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I am attempting to analyze a small dataset using machine learning (SVM, binary problem). There are $103$ samples and $215$ variables (all variables are real numbers). Some of the variables (around half) are moderately/highly correlated with each other.

Knowing the empirical distribution of each variable, would it be somehow possible to generate more data by a simulation? I guess I should do it only for the training data. I am using nested cross-validation for picking parameters / estimating performance if it matters.

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    $\begingroup$ Generate more data for what purpose? $\endgroup$ May 23, 2015 at 19:31
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    $\begingroup$ If you already knew the joint distribution of Y and X, why would you want to fit a SVM? $\endgroup$
    – Adrian
    May 23, 2015 at 21:27
  • $\begingroup$ I don't think you need more data, really. SVMs have good regularization, you should be safe. Also something like Attribute Bagging is worth a try. $\endgroup$
    – Firebug
    Jun 23, 2016 at 22:38

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You can ignore some of the correlated attributes and use Cross validation, instead of "generating" more data. Cross validation is a common approach in situations where you have more attributes than observations.

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Similar to what stan0 said, I would use cross validation, but more specifically repeated k-fold Cross Validation. For a 'smaller' data set of 103 by 215, I would perhaps use 10x10 (10 repeats of 10 fold cross validation, so 100 model fits in total). If you're using R, I would highly suggest the caret package which is able to handle this for you using the trainControl() function.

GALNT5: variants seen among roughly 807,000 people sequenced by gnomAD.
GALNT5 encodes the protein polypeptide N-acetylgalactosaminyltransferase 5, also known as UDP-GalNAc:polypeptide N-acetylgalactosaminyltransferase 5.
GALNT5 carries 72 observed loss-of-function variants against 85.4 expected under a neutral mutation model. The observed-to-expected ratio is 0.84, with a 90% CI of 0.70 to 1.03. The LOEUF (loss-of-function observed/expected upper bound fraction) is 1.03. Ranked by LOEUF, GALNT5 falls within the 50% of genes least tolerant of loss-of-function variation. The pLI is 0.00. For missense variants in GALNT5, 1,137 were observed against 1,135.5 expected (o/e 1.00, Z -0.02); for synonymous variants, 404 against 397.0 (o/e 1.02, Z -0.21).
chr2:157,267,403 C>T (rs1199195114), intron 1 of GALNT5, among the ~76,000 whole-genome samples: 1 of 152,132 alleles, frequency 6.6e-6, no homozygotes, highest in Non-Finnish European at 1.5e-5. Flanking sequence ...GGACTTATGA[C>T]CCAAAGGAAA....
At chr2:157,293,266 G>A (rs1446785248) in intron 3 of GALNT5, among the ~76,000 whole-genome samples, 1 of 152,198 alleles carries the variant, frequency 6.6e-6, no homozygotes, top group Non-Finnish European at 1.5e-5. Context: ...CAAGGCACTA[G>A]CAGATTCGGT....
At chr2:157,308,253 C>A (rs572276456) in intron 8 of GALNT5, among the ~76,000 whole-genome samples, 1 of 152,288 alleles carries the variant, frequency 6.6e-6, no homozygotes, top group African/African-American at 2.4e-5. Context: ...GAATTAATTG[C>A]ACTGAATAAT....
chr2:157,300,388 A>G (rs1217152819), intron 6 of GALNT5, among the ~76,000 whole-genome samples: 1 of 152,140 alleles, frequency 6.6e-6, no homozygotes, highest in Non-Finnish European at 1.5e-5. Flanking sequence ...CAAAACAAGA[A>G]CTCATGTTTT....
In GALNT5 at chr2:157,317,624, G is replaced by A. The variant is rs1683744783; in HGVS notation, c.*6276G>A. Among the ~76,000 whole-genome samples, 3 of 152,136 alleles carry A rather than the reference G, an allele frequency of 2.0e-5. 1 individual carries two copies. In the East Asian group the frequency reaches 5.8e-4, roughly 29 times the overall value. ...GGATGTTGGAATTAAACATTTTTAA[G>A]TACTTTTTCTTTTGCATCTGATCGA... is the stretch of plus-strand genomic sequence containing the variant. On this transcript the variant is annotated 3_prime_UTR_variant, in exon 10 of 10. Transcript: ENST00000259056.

Good resources for the underlying funciton calls and algorithum: https://topepo.github.io/caret/training.html https://topepo.github.io/caret/splitting.html

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Knowing the empirical distribution of each variable, would it be somehow possible to generate more data by a simulation?

Yes, you can always generate more data, the question is of its quality! If you know the empirical distributions of the individual variables, this is not enough to generate more data. If you generated data on each of the variables independently, then you would end up with dataset where the features are unrelated to themselves and your target variable. So if your purpose is to check how does your model behaves with the data where the variables are unrelated to your target variables (i.e. how much is it prone to produce false positives), then this would help. Otherwise, such approach does not make sense. As others said, $k$-fold cross-validation and similar methods may help if size of your sample is limited (see also questions tagged as for other suggestions).

However, there are situations where you can produce artificial data for your model. It can be done, and often is done, in image processing where you can start with small dataset and then add noise to it (rotate images, add white noise, mix them with other pictures, change the backgrounds, make them blurry, change their sizes, resolution etc.). Unfortunately, this does not easily translate to other kinds of data.

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